In Memoirs of a Geisha, Arthur Golden wrote, "Adversity is like a strong wind. It tears away from us all but the things that cannot be torn, so that we see ourselves as we really are."
As he was approaching the epilogue of the fifth set, tension came back to del Potro’s body. He served on match point, within seconds of his first Grand Slam title.
"That was the most stressful moment in my life," del Potro recalls. "I was close to winning my favourite tournament, to fulfilling my dream. It was a difficult moment, but an amazing one." He held his nerve, won the point and sank to the ground in celebration.
It was the pinnacle of his career so far and the continuation of a love affair with hard courts that dates back to his childhood, when his mother, Patricia, recalls delPo - whose nickname at that time was 'Palito,' or 'tiny stick' - hit against the walls of rooms at home: a fast indoor surface that wasn’t built for that purpose; threatening flower vases, paintings, furniture, and even human beings.
Marcelo Gomez, Tandil's tennis guru, who had helped Mariano Zabaleta, Juan Monaco and a handful of other pro players from the small mountainous city, remembers del Potro's mother saying, on her son's first visit to the club, "He wants to use every wall to hit the ball against!"
Del Potro's affability and low-profile attitude, together with his powerful game and youth, certainly allowed him to become the second-best endorsed sportsman in Argentina behind Barcelona's football star Lionel Messi. Nike contracted him when he was 15, and he plays with Wilson, wears Rolex watches, and also has VISA, Powerade and Sony Ericsson as sponsors.
"We find he’s the ideal athlete to sponsor," says Rodolfo Masera, Head of Marketing at VISA Argentina. "Not only because of his talent and die-hard attitude, but he also has values such as respect, ethics, grit, love for his country and the attitude to fight with loyalty and overcome adversity. In general terms, he represents good sportsmanship and he’s an example for youth and for all Argentines."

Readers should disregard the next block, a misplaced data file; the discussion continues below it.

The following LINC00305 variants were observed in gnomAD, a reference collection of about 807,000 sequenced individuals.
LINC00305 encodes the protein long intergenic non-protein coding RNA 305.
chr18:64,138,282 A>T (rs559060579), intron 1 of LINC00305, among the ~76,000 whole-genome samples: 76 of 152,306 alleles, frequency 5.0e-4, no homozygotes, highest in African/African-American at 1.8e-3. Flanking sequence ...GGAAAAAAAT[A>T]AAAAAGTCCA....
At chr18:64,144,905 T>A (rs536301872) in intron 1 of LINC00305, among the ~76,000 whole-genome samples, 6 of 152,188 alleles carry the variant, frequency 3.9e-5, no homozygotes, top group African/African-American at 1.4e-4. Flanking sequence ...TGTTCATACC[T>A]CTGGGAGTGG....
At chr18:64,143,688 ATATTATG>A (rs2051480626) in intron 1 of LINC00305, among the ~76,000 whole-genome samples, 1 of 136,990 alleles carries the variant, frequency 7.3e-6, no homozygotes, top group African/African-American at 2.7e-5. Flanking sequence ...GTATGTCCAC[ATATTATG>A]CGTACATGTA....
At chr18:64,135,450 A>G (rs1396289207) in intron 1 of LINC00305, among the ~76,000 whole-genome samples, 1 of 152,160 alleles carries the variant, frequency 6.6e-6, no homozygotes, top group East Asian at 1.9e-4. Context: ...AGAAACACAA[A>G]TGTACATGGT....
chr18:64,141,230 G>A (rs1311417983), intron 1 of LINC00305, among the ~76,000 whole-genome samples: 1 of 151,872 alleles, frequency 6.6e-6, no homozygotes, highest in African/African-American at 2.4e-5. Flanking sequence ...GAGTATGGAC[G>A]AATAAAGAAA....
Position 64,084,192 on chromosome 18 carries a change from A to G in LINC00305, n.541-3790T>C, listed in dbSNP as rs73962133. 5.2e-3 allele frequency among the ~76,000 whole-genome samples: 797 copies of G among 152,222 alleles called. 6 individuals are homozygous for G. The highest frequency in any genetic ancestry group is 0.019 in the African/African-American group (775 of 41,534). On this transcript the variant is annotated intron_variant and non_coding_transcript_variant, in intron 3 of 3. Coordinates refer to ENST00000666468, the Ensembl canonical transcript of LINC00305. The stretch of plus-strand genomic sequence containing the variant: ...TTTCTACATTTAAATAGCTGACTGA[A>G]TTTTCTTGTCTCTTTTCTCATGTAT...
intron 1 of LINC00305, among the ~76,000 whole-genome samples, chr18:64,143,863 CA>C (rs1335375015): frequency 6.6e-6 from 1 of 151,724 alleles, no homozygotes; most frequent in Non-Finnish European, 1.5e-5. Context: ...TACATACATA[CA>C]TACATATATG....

This season del Potro has returned to life, rising from World No. 485 to No. 18 in the space of seven months on the back of titles at the Delray Beach International Tennis Championships and the Estoril Open.
Rod Laver, the 1962 and 1969 Grand Slam champion, is thrilled. "I like him a lot and it’s wonderful he could come back from that wrist injury," the Australian told DEUCE. "He hits the ball harder than any other on tour. Listen, if you are a giant like him, you have to do that, you must hit missiles. His serve is huge, the second bounces really high and makes the return so difficult. He's a great fighter under pressure and that’s something that amazes me. In that sense, he has the mark of the champions."
Pete Sampras had time to chat with del Potro at the tournament in Los Angeles and added to Laver's comments. "I am a big proponent of his game," he told The LA Times. "He has a murder serve and I like the fact he hits a pretty flat ball. That’s not easy for a guy of his height. I also like his big attitude and part of it is that he’s willing to take chances. In that way he’s a little like Federer. Roger will go for big shots and he’s willing to miss, but the makes can be incredible. DelPo is the same way."